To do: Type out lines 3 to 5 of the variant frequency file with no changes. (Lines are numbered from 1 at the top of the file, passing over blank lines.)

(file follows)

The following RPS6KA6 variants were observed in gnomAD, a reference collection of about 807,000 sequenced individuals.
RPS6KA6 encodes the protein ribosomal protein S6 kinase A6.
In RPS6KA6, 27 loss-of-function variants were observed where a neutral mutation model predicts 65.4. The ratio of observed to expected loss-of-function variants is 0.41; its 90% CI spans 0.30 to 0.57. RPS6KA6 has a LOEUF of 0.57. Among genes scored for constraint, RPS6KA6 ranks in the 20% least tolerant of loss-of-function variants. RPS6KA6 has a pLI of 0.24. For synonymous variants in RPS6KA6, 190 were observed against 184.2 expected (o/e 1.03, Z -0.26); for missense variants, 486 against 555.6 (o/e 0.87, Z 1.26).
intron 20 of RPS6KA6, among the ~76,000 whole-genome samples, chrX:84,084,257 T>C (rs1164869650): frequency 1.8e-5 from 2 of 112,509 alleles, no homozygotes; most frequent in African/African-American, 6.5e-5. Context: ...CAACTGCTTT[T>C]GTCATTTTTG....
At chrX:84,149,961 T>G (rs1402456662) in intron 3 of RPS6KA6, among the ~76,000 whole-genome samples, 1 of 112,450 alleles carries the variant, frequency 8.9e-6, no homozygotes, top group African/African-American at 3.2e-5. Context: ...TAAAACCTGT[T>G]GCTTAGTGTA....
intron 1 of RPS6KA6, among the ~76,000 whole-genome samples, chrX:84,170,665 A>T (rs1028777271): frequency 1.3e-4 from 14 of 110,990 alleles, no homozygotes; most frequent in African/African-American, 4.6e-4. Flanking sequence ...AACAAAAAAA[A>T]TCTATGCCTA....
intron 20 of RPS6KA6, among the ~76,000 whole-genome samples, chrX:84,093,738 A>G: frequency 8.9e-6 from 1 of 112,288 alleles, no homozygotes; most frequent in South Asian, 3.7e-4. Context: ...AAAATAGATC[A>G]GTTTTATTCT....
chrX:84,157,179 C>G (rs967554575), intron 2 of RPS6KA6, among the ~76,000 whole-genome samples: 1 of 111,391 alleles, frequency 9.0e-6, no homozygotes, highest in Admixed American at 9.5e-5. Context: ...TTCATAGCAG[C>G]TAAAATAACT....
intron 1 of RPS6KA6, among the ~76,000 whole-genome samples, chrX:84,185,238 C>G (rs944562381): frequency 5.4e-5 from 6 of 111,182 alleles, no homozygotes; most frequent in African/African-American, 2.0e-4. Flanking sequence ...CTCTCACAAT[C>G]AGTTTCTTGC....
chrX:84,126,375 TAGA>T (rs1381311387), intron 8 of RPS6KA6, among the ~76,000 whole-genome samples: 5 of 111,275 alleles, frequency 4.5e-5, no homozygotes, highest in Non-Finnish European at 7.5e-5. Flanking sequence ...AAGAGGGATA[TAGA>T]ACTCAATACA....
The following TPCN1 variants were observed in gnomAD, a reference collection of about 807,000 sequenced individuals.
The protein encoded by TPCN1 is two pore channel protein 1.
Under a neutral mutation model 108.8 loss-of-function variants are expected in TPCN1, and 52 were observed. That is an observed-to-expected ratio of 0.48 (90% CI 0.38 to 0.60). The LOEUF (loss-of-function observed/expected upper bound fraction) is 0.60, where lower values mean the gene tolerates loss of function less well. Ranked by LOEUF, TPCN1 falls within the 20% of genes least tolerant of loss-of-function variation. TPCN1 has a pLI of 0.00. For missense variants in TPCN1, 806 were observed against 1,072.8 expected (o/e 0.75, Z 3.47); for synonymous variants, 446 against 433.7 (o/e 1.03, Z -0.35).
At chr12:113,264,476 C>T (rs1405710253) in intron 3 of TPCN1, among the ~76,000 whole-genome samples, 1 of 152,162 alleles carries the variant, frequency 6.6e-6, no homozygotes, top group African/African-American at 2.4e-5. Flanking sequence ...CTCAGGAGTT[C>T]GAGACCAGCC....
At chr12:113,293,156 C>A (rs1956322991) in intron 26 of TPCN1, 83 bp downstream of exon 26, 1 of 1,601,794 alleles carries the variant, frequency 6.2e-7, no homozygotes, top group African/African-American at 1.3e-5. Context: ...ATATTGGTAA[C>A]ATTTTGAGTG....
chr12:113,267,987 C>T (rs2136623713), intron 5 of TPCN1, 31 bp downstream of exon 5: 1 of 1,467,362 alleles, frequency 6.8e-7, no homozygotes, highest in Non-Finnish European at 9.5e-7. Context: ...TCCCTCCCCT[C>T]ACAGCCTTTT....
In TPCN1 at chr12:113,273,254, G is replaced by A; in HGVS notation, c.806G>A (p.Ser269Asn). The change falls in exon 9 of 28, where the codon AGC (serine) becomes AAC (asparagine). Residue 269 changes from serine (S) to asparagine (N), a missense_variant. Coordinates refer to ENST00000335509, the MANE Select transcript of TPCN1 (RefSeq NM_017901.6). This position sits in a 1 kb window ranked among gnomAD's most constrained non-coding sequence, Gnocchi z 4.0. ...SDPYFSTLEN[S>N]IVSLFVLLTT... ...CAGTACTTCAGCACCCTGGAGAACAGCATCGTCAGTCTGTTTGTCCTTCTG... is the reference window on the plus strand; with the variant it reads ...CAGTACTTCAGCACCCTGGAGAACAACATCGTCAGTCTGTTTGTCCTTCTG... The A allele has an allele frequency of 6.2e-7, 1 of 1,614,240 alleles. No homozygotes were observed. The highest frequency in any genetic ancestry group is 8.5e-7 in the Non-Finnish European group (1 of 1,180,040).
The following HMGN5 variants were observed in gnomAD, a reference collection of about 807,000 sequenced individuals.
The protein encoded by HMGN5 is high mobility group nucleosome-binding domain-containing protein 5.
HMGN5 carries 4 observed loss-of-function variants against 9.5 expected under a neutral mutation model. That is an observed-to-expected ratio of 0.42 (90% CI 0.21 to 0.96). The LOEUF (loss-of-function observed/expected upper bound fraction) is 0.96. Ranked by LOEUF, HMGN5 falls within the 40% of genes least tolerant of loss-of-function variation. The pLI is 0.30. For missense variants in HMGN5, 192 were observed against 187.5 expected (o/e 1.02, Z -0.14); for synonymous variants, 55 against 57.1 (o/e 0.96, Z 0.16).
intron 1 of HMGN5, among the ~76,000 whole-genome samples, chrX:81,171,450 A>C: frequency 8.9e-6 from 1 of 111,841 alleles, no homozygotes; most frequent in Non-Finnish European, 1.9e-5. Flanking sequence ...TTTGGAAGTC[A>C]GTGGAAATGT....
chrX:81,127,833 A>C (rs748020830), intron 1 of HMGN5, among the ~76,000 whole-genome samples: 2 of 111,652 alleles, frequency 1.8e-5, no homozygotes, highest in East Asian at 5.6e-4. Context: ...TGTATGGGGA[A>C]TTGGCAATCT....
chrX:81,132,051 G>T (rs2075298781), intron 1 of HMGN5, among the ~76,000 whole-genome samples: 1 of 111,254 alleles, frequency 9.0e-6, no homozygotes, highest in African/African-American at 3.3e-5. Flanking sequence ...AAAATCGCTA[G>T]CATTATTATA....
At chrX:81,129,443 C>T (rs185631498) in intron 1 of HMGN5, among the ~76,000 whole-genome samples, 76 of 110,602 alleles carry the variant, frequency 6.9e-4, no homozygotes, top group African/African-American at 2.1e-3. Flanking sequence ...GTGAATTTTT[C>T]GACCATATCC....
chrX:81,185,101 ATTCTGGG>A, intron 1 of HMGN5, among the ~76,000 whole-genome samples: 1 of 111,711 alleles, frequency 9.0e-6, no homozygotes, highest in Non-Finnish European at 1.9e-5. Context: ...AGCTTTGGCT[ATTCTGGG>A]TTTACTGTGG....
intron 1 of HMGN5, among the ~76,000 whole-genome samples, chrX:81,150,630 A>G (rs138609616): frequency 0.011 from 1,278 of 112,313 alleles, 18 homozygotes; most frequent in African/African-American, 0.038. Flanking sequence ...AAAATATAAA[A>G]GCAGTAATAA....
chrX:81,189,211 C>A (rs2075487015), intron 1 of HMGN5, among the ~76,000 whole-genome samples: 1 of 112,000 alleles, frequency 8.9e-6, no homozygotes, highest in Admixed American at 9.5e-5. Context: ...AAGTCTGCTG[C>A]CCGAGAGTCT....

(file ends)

In RPS6KA6, 27 loss-of-function variants were observed where a neutral mutation model predicts 65.4. The ratio of observed to expected loss-of-function variants is 0.41; its 90% CI spans 0.30 to 0.57. RPS6KA6 has a LOEUF of 0.57. Among genes scored for constraint, RPS6KA6 ranks in the 20% least tolerant of loss-of-function variants. RPS6KA6 has a pLI of 0.24. For synonymous variants in RPS6KA6, 190 were observed against 184.2 expected (o/e 1.03, Z -0.26); for missense variants, 486 against 555.6 (o/e 0.87, Z 1.26).
intron 20 of RPS6KA6, among the ~76,000 whole-genome samples, chrX:84,084,257 T>C (rs1164869650): frequency 1.8e-5 from 2 of 112,509 alleles, no homozygotes; most frequent in African/African-American, 6.5e-5. Context: ...CAACTGCTTT[T>C]GTCATTTTTG....
At chrX:84,149,961 T>G (rs1402456662) in intron 3 of RPS6KA6, among the ~76,000 whole-genome samples, 1 of 112,450 alleles carries the variant, frequency 8.9e-6, no homozygotes, top group African/African-American at 3.2e-5. Context: ...TAAAACCTGT[T>G]GCTTAGTGTA....